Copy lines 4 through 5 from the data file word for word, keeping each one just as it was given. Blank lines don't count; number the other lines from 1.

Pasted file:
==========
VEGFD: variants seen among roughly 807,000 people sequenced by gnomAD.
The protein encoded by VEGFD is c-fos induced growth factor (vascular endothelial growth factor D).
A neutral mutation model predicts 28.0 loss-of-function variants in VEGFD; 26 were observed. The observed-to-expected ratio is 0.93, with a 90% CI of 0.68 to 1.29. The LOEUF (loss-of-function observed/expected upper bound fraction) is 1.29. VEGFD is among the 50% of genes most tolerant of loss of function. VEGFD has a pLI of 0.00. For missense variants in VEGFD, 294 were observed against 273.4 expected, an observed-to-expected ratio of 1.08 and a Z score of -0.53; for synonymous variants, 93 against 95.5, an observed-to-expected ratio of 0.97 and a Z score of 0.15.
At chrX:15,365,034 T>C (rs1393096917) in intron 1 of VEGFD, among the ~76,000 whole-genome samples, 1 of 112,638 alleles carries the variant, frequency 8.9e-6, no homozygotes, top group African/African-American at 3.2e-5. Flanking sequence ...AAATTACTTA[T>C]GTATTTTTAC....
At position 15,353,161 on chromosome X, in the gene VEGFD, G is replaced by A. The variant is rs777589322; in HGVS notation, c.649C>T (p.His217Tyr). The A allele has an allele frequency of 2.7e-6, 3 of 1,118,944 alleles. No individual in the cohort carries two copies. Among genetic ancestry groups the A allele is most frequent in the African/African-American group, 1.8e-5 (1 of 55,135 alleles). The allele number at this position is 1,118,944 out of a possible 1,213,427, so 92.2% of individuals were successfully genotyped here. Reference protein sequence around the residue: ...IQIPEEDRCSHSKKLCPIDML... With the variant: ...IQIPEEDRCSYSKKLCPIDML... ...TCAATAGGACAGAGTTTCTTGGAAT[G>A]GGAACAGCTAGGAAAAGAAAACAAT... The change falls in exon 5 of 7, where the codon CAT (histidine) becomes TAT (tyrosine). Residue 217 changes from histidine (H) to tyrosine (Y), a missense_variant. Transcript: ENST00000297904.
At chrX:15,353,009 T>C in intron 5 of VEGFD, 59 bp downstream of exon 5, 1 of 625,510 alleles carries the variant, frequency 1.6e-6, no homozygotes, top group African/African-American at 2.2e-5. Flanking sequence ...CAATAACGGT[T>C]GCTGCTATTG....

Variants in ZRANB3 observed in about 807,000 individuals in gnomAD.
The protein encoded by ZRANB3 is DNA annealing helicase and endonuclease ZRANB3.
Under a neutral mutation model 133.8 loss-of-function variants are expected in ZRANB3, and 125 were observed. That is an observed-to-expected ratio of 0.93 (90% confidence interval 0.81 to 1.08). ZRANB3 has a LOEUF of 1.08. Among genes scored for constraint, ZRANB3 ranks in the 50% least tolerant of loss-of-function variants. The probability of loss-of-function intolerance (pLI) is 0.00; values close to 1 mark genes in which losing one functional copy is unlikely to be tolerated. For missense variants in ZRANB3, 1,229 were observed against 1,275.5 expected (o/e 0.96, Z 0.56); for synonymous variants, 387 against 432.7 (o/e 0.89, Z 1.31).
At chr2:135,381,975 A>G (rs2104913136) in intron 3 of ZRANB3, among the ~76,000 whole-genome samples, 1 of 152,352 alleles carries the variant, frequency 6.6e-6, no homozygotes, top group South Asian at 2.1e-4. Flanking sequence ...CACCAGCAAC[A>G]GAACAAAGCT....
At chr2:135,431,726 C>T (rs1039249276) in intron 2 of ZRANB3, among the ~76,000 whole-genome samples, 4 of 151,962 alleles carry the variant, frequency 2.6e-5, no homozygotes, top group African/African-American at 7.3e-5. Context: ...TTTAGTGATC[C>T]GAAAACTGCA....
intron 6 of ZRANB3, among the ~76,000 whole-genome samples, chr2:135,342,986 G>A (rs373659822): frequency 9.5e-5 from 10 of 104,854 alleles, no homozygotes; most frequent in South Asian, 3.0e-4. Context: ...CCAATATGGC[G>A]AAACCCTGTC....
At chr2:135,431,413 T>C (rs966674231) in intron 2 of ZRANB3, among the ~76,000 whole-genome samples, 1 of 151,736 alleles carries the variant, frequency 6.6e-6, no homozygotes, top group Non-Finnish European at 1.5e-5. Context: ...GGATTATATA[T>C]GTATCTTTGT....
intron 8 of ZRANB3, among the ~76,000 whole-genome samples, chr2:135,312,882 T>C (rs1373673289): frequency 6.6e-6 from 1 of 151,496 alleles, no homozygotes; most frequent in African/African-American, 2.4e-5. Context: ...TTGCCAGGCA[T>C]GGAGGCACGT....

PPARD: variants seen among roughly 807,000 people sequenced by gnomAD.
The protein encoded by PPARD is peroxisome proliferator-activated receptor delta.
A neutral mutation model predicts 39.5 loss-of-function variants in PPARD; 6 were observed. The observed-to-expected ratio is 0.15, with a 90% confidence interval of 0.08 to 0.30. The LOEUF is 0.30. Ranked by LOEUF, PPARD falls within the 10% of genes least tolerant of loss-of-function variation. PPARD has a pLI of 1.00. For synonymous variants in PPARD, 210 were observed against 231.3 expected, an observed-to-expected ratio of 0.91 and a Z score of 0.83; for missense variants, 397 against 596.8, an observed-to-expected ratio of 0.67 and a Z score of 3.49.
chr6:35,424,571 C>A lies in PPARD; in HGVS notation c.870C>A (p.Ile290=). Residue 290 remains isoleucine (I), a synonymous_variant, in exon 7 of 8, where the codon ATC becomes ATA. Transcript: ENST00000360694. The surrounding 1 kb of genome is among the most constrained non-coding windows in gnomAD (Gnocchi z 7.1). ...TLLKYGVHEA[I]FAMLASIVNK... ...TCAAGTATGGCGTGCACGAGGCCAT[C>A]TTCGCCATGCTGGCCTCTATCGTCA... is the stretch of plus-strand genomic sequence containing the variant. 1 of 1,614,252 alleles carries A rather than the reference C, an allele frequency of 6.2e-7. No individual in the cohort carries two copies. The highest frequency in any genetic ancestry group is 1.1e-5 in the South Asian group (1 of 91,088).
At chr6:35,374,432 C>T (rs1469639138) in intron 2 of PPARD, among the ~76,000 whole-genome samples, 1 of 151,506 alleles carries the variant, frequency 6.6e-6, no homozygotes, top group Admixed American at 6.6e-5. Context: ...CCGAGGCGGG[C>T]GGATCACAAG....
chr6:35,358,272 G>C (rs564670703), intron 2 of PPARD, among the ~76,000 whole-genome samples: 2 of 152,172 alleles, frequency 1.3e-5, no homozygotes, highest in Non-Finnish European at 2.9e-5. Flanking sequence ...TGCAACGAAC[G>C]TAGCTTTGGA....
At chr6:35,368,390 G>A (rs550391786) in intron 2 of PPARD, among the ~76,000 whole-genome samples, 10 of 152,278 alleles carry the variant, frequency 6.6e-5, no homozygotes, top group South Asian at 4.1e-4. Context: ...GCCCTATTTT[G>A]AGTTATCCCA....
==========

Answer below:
At chrX:15,365,034 T>C (rs1393096917) in intron 1 of VEGFD, among the ~76,000 whole-genome samples, 1 of 112,638 alleles carries the variant, frequency 8.9e-6, no homozygotes, top group African/African-American at 3.2e-5. Flanking sequence ...AAATTACTTA[T>C]GTATTTTTAC....
At position 15,353,161 on chromosome X, in the gene VEGFD, G is replaced by A. The variant is rs777589322; in HGVS notation, c.649C>T (p.His217Tyr). The A allele has an allele frequency of 2.7e-6, 3 of 1,118,944 alleles. No individual in the cohort carries two copies. Among genetic ancestry groups the A allele is most frequent in the African/African-American group, 1.8e-5 (1 of 55,135 alleles). The allele number at this position is 1,118,944 out of a possible 1,213,427, so 92.2% of individuals were successfully genotyped here. Reference protein sequence around the residue: ...IQIPEEDRCSHSKKLCPIDML... With the variant: ...IQIPEEDRCSYSKKLCPIDML... ...TCAATAGGACAGAGTTTCTTGGAAT[G>A]GGAACAGCTAGGAAAAGAAAACAAT... The change falls in exon 5 of 7, where the codon CAT (histidine) becomes TAT (tyrosine). Residue 217 changes from histidine (H) to tyrosine (Y), a missense_variant. Transcript: ENST00000297904.